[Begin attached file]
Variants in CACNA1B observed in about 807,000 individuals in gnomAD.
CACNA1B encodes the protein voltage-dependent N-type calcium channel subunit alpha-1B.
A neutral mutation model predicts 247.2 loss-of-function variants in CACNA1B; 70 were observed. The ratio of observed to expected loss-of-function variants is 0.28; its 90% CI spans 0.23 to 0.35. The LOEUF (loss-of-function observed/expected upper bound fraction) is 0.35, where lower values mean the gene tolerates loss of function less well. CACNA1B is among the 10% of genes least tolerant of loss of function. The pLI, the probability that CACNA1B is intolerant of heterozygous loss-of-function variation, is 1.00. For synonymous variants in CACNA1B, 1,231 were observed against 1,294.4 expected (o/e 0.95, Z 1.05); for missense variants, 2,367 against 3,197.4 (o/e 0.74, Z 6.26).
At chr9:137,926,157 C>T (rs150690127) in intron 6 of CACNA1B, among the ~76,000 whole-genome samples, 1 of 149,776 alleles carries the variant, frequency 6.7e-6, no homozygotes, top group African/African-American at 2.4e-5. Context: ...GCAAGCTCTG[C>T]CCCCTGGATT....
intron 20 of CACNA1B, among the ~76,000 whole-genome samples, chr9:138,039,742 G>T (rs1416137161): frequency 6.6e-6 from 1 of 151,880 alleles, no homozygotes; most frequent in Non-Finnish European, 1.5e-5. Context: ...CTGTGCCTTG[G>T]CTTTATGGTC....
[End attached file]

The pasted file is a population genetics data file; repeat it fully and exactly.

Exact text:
Variants in CACNA1B observed in about 807,000 individuals in gnomAD.
CACNA1B encodes the protein voltage-dependent N-type calcium channel subunit alpha-1B.
A neutral mutation model predicts 247.2 loss-of-function variants in CACNA1B; 70 were observed. The ratio of observed to expected loss-of-function variants is 0.28; its 90% CI spans 0.23 to 0.35. The LOEUF (loss-of-function observed/expected upper bound fraction) is 0.35, where lower values mean the gene tolerates loss of function less well. CACNA1B is among the 10% of genes least tolerant of loss of function. The pLI, the probability that CACNA1B is intolerant of heterozygous loss-of-function variation, is 1.00. For synonymous variants in CACNA1B, 1,231 were observed against 1,294.4 expected (o/e 0.95, Z 1.05); for missense variants, 2,367 against 3,197.4 (o/e 0.74, Z 6.26).
At chr9:137,926,157 C>T (rs150690127) in intron 6 of CACNA1B, among the ~76,000 whole-genome samples, 1 of 149,776 alleles carries the variant, frequency 6.7e-6, no homozygotes, top group African/African-American at 2.4e-5. Context: ...GCAAGCTCTG[C>T]CCCCTGGATT....
intron 20 of CACNA1B, among the ~76,000 whole-genome samples, chr9:138,039,742 G>T (rs1416137161): frequency 6.6e-6 from 1 of 151,880 alleles, no homozygotes; most frequent in Non-Finnish European, 1.5e-5. Context: ...CTGTGCCTTG[G>T]CTTTATGGTC....